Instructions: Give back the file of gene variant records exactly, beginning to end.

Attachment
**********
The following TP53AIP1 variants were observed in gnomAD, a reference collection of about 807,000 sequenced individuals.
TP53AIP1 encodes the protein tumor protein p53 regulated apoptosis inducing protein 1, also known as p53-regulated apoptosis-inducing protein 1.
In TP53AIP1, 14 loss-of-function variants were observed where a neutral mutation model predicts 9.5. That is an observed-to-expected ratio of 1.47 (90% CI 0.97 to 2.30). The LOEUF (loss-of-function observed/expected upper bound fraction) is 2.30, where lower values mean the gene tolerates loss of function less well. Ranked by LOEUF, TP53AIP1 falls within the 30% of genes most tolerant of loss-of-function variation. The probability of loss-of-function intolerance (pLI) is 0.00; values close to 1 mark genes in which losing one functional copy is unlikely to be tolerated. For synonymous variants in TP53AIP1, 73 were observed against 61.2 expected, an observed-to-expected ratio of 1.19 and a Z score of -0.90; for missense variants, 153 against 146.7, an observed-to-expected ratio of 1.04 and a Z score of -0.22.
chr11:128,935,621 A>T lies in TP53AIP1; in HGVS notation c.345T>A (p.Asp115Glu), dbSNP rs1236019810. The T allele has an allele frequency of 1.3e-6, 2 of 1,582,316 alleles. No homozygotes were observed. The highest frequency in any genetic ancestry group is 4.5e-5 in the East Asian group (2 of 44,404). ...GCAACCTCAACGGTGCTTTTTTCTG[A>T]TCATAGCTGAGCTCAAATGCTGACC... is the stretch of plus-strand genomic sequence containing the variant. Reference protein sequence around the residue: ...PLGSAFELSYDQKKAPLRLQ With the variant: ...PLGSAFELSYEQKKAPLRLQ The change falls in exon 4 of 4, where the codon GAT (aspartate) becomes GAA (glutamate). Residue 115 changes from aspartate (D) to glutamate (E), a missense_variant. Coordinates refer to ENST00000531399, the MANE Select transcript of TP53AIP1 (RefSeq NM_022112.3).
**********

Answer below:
The following TP53AIP1 variants were observed in gnomAD, a reference collection of about 807,000 sequenced individuals.
TP53AIP1 encodes the protein tumor protein p53 regulated apoptosis inducing protein 1, also known as p53-regulated apoptosis-inducing protein 1.
In TP53AIP1, 14 loss-of-function variants were observed where a neutral mutation model predicts 9.5. That is an observed-to-expected ratio of 1.47 (90% CI 0.97 to 2.30). The LOEUF (loss-of-function observed/expected upper bound fraction) is 2.30, where lower values mean the gene tolerates loss of function less well. Ranked by LOEUF, TP53AIP1 falls within the 30% of genes most tolerant of loss-of-function variation. The probability of loss-of-function intolerance (pLI) is 0.00; values close to 1 mark genes in which losing one functional copy is unlikely to be tolerated. For synonymous variants in TP53AIP1, 73 were observed against 61.2 expected, an observed-to-expected ratio of 1.19 and a Z score of -0.90; for missense variants, 153 against 146.7, an observed-to-expected ratio of 1.04 and a Z score of -0.22.
chr11:128,935,621 A>T lies in TP53AIP1; in HGVS notation c.345T>A (p.Asp115Glu), dbSNP rs1236019810. The T allele has an allele frequency of 1.3e-6, 2 of 1,582,316 alleles. No homozygotes were observed. The highest frequency in any genetic ancestry group is 4.5e-5 in the East Asian group (2 of 44,404). ...GCAACCTCAACGGTGCTTTTTTCTG[A>T]TCATAGCTGAGCTCAAATGCTGACC... is the stretch of plus-strand genomic sequence containing the variant. Reference protein sequence around the residue: ...PLGSAFELSYDQKKAPLRLQ With the variant: ...PLGSAFELSYEQKKAPLRLQ The change falls in exon 4 of 4, where the codon GAT (aspartate) becomes GAA (glutamate). Residue 115 changes from aspartate (D) to glutamate (E), a missense_variant. Coordinates refer to ENST00000531399, the MANE Select transcript of TP53AIP1 (RefSeq NM_022112.3).